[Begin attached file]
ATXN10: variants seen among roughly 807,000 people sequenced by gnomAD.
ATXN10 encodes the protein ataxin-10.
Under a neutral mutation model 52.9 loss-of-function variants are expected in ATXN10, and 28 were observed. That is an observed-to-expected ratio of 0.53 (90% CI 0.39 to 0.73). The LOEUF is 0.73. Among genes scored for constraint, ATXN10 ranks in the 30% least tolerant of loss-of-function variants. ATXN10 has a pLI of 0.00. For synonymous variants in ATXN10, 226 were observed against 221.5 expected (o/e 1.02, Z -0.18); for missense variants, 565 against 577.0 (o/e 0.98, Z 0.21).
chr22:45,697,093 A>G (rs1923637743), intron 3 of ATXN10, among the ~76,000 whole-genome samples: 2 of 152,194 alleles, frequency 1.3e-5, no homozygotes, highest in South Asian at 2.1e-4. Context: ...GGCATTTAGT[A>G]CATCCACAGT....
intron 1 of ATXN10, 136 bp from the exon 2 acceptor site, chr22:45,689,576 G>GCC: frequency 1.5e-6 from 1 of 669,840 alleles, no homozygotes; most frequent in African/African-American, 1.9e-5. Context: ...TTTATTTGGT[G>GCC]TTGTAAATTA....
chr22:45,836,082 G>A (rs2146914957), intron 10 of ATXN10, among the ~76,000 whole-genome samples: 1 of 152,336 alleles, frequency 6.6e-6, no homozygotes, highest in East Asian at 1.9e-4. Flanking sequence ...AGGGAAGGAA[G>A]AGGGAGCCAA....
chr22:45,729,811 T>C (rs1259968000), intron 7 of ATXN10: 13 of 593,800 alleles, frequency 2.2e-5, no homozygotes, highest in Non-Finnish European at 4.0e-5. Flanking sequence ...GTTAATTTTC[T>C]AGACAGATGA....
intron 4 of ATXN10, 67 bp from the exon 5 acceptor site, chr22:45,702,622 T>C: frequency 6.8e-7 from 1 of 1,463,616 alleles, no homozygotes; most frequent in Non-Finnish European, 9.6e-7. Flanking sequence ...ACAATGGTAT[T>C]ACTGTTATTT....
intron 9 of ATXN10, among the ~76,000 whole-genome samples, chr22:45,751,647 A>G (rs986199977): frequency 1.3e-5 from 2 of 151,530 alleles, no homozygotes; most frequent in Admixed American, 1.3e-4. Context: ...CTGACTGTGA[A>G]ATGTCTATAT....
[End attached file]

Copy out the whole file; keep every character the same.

ATXN10: variants seen among roughly 807,000 people sequenced by gnomAD.
ATXN10 encodes the protein ataxin-10.
Under a neutral mutation model 52.9 loss-of-function variants are expected in ATXN10, and 28 were observed. That is an observed-to-expected ratio of 0.53 (90% CI 0.39 to 0.73). The LOEUF is 0.73. Among genes scored for constraint, ATXN10 ranks in the 30% least tolerant of loss-of-function variants. ATXN10 has a pLI of 0.00. For synonymous variants in ATXN10, 226 were observed against 221.5 expected (o/e 1.02, Z -0.18); for missense variants, 565 against 577.0 (o/e 0.98, Z 0.21).
chr22:45,697,093 A>G (rs1923637743), intron 3 of ATXN10, among the ~76,000 whole-genome samples: 2 of 152,194 alleles, frequency 1.3e-5, no homozygotes, highest in South Asian at 2.1e-4. Context: ...GGCATTTAGT[A>G]CATCCACAGT....
intron 1 of ATXN10, 136 bp from the exon 2 acceptor site, chr22:45,689,576 G>GCC: frequency 1.5e-6 from 1 of 669,840 alleles, no homozygotes; most frequent in African/African-American, 1.9e-5. Context: ...TTTATTTGGT[G>GCC]TTGTAAATTA....
chr22:45,836,082 G>A (rs2146914957), intron 10 of ATXN10, among the ~76,000 whole-genome samples: 1 of 152,336 alleles, frequency 6.6e-6, no homozygotes, highest in East Asian at 1.9e-4. Flanking sequence ...AGGGAAGGAA[G>A]AGGGAGCCAA....
chr22:45,729,811 T>C (rs1259968000), intron 7 of ATXN10: 13 of 593,800 alleles, frequency 2.2e-5, no homozygotes, highest in Non-Finnish European at 4.0e-5. Flanking sequence ...GTTAATTTTC[T>C]AGACAGATGA....
intron 4 of ATXN10, 67 bp from the exon 5 acceptor site, chr22:45,702,622 T>C: frequency 6.8e-7 from 1 of 1,463,616 alleles, no homozygotes; most frequent in Non-Finnish European, 9.6e-7. Flanking sequence ...ACAATGGTAT[T>C]ACTGTTATTT....
intron 9 of ATXN10, among the ~76,000 whole-genome samples, chr22:45,751,647 A>G (rs986199977): frequency 1.3e-5 from 2 of 151,530 alleles, no homozygotes; most frequent in Admixed American, 1.3e-4. Context: ...CTGACTGTGA[A>G]ATGTCTATAT....